GS-2, Uncategorized

Turning Bimstec into a vehicle for regional cooperation

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  1. The 4th Bimstec summit is being held in Kathmandu after a lapse of four years.  For the Bimstec that celebrated 20 years in 2017, four summits in 20 years is not certainly a time for celebration.
  2. Bimstec has been struggling to take off since its inception as its member states were members of several other regional organisations that were seen as viable at that point of time.
  3. Many analysts link this sudden emphasis on Bimstec to the failure of Kathmandu Saarc summit to conclude the much-awaited Saarc Motor Vehicle Agreement (MVA) and later cancellation of Islamabad summit for political reasons.
  4. Before the Saarc MVA was proposed, the connectivity network in eastern South Asia was already being put in place.
  5. India was already engaged in several bilateral connectivity projects with Nepal, Bhutan, Bangladesh, Myanmar and the trilateral highway between India, Thailand and Myanmar. These countries also signed the Asian railway and road connectivity network.
  6. The prospect for Bimstec should lie in not replicating Saarc or including each and everything from human development to security in its agenda.
  7. The bulkiness of its agenda, consisting of 14 sectors, would not allow the organisation to be effective in terms of delivering or in terms of transforming itself to a vibrant goal-oriented organisation.
  8. The organisation has to focus on a cluster of identified agendas rather than take each agenda as separate. For example, the agenda of trade and investment, transport and communication, and energy cooperation should be looked as a unified whole as trade and investment would suffer without connectivity and electricity.
  9. Similarly, cooperation on security should combine counter-terrorism and transnational crimes, cyber security, environment, ecology and disaster management.
  10. People-to-people contact needs to be combined with tourism and cultural cooperation.
  11. All these identified areas of cooperation are interlinked. Therefore, there is a need for members responsible for a particular area of cooperation identified in the Bimstec agenda to bring in necessary synergy to make progress on a particular cluster as identified above.

Bimstec needs to learn from the weaknesses of Saarc. 

  1. First would be not to bring each and every municipal agenda to the ambit of cooperation within Bimstec. Saarc brought into agenda many issues. It became overambitious in its agenda including agendas related to the girl child, poverty and terrorism. The large set of agendas made Saarc not focus on anything seriously to showcase its achievements.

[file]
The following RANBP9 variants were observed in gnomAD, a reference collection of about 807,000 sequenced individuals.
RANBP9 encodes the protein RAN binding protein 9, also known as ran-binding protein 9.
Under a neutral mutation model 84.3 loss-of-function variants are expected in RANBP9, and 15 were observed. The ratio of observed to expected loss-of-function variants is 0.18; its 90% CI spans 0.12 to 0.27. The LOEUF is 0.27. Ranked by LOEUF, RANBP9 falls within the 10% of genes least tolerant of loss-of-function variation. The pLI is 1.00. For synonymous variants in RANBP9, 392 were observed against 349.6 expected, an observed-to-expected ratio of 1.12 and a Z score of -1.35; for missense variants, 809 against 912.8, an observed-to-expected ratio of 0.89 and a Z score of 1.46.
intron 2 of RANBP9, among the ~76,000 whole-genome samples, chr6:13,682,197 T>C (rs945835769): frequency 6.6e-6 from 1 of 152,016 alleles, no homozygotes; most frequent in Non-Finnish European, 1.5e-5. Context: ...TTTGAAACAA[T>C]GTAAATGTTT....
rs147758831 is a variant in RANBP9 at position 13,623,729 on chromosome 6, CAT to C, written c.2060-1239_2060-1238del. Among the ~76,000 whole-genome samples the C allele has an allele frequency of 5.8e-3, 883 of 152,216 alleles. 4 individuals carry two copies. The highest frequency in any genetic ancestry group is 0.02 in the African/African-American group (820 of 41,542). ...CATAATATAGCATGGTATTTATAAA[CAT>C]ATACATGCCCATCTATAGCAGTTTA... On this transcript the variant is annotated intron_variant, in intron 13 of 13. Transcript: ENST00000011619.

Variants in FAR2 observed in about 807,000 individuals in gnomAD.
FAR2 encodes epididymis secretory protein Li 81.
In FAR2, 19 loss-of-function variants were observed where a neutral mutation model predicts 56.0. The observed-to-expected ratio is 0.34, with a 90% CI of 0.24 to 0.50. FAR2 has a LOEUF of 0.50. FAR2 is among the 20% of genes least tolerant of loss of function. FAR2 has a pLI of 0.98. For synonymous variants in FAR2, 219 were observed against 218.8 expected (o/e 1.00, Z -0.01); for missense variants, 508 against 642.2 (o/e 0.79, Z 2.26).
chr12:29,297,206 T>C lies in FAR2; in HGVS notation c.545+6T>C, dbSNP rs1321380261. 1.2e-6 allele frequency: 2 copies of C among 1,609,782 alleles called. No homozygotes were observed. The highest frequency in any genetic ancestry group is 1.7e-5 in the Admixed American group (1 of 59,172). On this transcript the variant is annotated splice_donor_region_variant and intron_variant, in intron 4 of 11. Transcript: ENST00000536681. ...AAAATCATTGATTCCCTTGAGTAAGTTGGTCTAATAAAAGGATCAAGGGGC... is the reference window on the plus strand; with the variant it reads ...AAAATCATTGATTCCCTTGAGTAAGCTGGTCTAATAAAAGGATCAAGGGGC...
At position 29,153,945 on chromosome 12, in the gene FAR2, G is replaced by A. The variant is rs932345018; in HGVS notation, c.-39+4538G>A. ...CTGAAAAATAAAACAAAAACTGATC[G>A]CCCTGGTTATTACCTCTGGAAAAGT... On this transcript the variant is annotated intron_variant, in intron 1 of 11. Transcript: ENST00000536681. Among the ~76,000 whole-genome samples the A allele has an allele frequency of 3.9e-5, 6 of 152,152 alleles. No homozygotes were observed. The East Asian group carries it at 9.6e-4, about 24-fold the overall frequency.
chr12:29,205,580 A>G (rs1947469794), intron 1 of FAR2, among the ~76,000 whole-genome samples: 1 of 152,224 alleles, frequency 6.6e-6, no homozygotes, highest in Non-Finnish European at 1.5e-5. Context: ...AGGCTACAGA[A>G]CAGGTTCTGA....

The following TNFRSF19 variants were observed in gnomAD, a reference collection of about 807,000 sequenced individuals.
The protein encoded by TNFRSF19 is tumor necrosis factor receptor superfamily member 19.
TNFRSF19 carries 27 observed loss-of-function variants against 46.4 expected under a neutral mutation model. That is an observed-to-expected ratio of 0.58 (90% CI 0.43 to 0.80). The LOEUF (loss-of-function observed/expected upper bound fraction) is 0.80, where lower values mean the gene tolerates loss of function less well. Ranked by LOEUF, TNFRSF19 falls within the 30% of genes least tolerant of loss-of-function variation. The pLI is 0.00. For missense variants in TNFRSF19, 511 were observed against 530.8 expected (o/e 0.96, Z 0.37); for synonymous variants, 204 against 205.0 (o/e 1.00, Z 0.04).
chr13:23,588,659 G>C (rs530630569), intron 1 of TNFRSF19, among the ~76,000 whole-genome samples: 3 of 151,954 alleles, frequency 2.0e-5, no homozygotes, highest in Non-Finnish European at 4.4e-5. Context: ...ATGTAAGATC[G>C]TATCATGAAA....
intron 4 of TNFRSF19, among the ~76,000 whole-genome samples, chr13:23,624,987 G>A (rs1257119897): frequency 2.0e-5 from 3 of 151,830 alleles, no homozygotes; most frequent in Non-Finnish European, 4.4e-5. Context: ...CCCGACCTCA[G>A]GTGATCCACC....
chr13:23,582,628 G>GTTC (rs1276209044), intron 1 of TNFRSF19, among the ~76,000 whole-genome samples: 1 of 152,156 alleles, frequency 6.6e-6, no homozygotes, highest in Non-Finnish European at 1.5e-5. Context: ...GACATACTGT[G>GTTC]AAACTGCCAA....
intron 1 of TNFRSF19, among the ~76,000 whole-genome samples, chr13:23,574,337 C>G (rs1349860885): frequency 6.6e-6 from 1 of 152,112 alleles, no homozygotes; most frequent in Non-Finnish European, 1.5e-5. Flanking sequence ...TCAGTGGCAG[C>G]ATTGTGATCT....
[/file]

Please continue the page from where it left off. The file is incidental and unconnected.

2. Second, Bimstec needs to make its achievements public or bring out a status paper on its various initiatives every two years and identify the bottlenecks to flag the failure of a particular country to come on board rather than making its failure reach an agreement as an institutional failure where no one takes responsibility.
  3. Bimstec’s Secretariat needs to be strengthened which should have an officer from the member country posted for three years.
  4. Strengthening of the Secretariat needs to be backed by strong political will to take this cooperation mechanism forward.

Factors for sluggishness in BIMSTEC:

1. India, the largest member of the grouping, has often been criticised for not providing a strong leadership to BIMSTEC.

2. Both Thailand and Myanmar are criticised for having ignored BIMSTEC in favour of ASEAN.

3. Absence of a permanent secretariat for a long time and lack of commitment to invest in several priority areas identified by the member states were seen as some of the key institutional factors holding the BIMSTEC back.

4. The ‘noodle bowl effect’ of regionalism too was at work as formation of another sub-regional initiative, the Bangladesh-China-India-Myanmar (BCIM) Forum, with the proactive membership of China, created more doubts about the exclusive potential of BIMSTEC.

Way forward: 

For BIMSTEC to become an enabler of regional cooperation, it will have to evolve as an organisation that works through a bottom-up rather than a top-down approach. The people-centric approach seems to be the best as BIMSTEC seriously lags behind ASEAN and other regional organisations in terms of people-to-people contacts. Also, the organisation needs to focus on fewer priority areas for purpose of better implementation. It needs to undertake projects that are economically feasible and result-driven. This would add to the credibility of BIMSTEC. Finally, since the BIMSTEC region is notable for its diversity, the member states need to build on the regional synergies and work towards utilising the available resources in the most optimal manner. This would help build a stronger and a more dynamic BIMSTEC.

How is BIMSTEC different from SAARC?

In Depth – BIMSTEC 2018

 

Thank you!

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